We’re all pretty familiar with Amazon’s Alexa and Apple’s Siri by now. So when you think of chatbots, think of the power of these two and you’ll begin to understand the role bots can play in customer service
Over the last 20 years, mass adoption of new technologies has transformed the way we go about our work. Laptops, tablets and smartphones are now the norm for most of us when completing our daily tasks
Do you know what security measures have been put in place by your employer for when you work on mobile devices?
We recently surveyed 5,000 business executives and 600 IT decision makers across 11 global markets. And the message they gave us couldn’t have been stronger. If organisations invest in better digital experiences, they’ll be rewarded with a huge boost in productivity.
The more informed we are, the better decisions we can make. It’s much easier to give people the right advice when we have all the right data to support their query. As the Internet of Things (IOT) reaches into more and more homes, it’s sending back a wealth of information in real time.
Technological innovations have created the ‘customer monster’. Through no fault of their own customers have been given a wealth of communication tools to choose from and with so many organisations vying for a competitive edge
Customers don’t always need the ‘wow’ factor. Despite this, some organisations are guilty of trying too hard when it comes to pleasing customers, they inadvertently make the journey more complicated than it needs to be.
Ireland’s unemployment rate peaked at 16 per cent during the recession, a bleak time that has seen the country spend the best part of a decade fighting its way back. But fight it has.
Migrating voice and collaboration tools to the cloud doesn’t have to mean you lose out on your existing infrastructure investments.
The use of the cloud, both public and private, has grown steadily across enterprise IT departments. As positive experiences grow, decision makers become more confident that the cloud is a viable alternative to their existing on-premises infrastructure
“It’s too big and it’s too complex!” That’s not an uncommon response in organisations when talking about the big, transformational projects to move communication and collaboration tools to the cloud.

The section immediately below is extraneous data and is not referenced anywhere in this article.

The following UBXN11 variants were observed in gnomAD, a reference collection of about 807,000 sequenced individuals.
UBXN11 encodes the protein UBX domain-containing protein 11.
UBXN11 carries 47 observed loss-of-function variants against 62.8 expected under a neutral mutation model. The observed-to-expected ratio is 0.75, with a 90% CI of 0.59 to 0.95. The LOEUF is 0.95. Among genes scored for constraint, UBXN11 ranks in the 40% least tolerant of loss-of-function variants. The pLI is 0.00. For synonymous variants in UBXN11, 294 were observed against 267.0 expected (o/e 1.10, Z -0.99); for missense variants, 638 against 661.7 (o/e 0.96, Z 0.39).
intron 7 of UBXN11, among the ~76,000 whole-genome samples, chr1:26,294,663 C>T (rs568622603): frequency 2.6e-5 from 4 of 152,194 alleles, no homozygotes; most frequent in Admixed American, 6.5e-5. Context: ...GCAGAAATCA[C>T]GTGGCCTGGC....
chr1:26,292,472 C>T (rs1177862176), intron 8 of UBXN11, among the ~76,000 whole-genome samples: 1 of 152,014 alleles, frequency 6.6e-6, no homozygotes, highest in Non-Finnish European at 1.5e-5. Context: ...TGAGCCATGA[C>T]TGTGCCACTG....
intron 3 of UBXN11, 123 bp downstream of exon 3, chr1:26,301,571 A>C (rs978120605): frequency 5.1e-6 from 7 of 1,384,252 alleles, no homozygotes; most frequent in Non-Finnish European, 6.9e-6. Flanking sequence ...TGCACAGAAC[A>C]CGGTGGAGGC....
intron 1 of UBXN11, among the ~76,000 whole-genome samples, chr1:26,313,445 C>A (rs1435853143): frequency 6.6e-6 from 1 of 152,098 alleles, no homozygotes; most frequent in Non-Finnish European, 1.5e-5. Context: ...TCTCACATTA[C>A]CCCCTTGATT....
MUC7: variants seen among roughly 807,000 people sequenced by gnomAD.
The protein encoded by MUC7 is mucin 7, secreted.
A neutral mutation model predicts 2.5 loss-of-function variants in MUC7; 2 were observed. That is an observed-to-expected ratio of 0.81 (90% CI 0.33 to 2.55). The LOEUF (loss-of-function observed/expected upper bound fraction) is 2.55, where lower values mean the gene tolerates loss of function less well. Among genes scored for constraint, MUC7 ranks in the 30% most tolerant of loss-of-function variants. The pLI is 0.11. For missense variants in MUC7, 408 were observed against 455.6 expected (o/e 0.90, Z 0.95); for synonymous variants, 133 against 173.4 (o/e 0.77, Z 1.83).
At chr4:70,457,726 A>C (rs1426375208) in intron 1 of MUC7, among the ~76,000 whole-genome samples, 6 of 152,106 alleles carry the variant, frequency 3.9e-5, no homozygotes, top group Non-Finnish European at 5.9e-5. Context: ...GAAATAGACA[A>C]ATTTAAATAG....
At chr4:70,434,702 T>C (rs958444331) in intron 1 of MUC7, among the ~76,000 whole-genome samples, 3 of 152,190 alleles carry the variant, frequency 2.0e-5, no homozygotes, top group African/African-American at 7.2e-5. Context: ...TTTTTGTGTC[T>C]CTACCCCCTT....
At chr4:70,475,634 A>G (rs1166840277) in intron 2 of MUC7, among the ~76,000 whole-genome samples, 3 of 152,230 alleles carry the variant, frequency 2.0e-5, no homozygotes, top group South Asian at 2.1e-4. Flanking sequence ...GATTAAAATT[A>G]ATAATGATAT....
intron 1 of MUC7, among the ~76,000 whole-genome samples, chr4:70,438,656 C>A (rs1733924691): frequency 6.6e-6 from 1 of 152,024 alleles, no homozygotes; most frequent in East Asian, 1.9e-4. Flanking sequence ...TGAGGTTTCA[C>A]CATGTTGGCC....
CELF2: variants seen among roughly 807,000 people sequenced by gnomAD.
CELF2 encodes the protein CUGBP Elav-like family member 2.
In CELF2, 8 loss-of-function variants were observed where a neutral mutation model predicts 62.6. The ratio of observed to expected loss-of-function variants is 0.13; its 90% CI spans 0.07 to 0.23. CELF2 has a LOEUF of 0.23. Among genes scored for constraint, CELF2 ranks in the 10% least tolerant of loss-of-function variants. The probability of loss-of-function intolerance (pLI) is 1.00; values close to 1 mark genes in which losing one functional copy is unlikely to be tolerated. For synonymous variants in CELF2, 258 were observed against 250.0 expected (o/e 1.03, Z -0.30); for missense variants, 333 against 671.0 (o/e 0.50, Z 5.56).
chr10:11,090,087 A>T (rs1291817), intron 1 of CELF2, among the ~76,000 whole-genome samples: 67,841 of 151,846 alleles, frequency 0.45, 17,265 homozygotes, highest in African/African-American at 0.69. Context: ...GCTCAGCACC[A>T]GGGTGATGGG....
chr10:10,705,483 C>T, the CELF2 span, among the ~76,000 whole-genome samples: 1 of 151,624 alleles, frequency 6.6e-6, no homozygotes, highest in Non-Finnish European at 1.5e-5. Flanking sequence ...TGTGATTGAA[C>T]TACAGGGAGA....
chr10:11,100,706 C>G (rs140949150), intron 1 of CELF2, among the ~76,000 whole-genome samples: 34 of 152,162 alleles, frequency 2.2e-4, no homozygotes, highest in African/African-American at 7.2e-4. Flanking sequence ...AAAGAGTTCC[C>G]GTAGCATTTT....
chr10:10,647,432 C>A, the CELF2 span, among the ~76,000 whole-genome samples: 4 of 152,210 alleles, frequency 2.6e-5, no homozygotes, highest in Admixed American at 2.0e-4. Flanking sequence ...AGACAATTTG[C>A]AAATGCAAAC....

The annual customer service event that BT hosts at the BT Young Scientist and Technology Exhibition is always guaranteed to show us how fast things change
There was a current affairs show on the other night – the panellists were talking about digital disruption – and someone claimed people were the real disruptors over the last 20 years or so, not digital technology.
Many of our customers are exploring Skype for Business as a potential solution for their unified communications. With its instant messaging, presence indication, voice calling, video calling, desktop sharing and conferencing capabilities it’s an attractive collaboration tool.
The current wave of technological innovation has many humans running for cover as we brace ourselves for the march of the machines. The emergence of artificial intelligence has left people asking, ‘are robots going to take our jobs?’
Nonsense. When it comes to communication and collaboration tools, it’s important to compare like with like when weighing up costs of on-premises versus cloud deployments. More often than not, this can be a difficult thing to do and organisations need help.
Aristotle once said, “the whole is greater than the sum of its parts”. And the ancient Greek philosopher’s words still ring true today as much as they did back then.
Our customers have an abundance of challenges facing their organisations, and everyone wants to overcome them while achieving more with less. Upping productivity and cutting costs are important for most and they might not be as difficult as you think.
Complex IT projects like changing communication and collaboration platforms can make business executives fear the worst, especially when it comes to disruption. So much so, it often stops the project from getting approved in the first place.
Digital Transformation is a phrase that’s hard to get away from. And if you’re not talking transformational projects it’s probably because you’re talking about GDPR (General Data Protection Regulation). But that’s it. We could summarise 2017 by these topics, and they go a long way to setting expectations for 2018. For such a wide reaching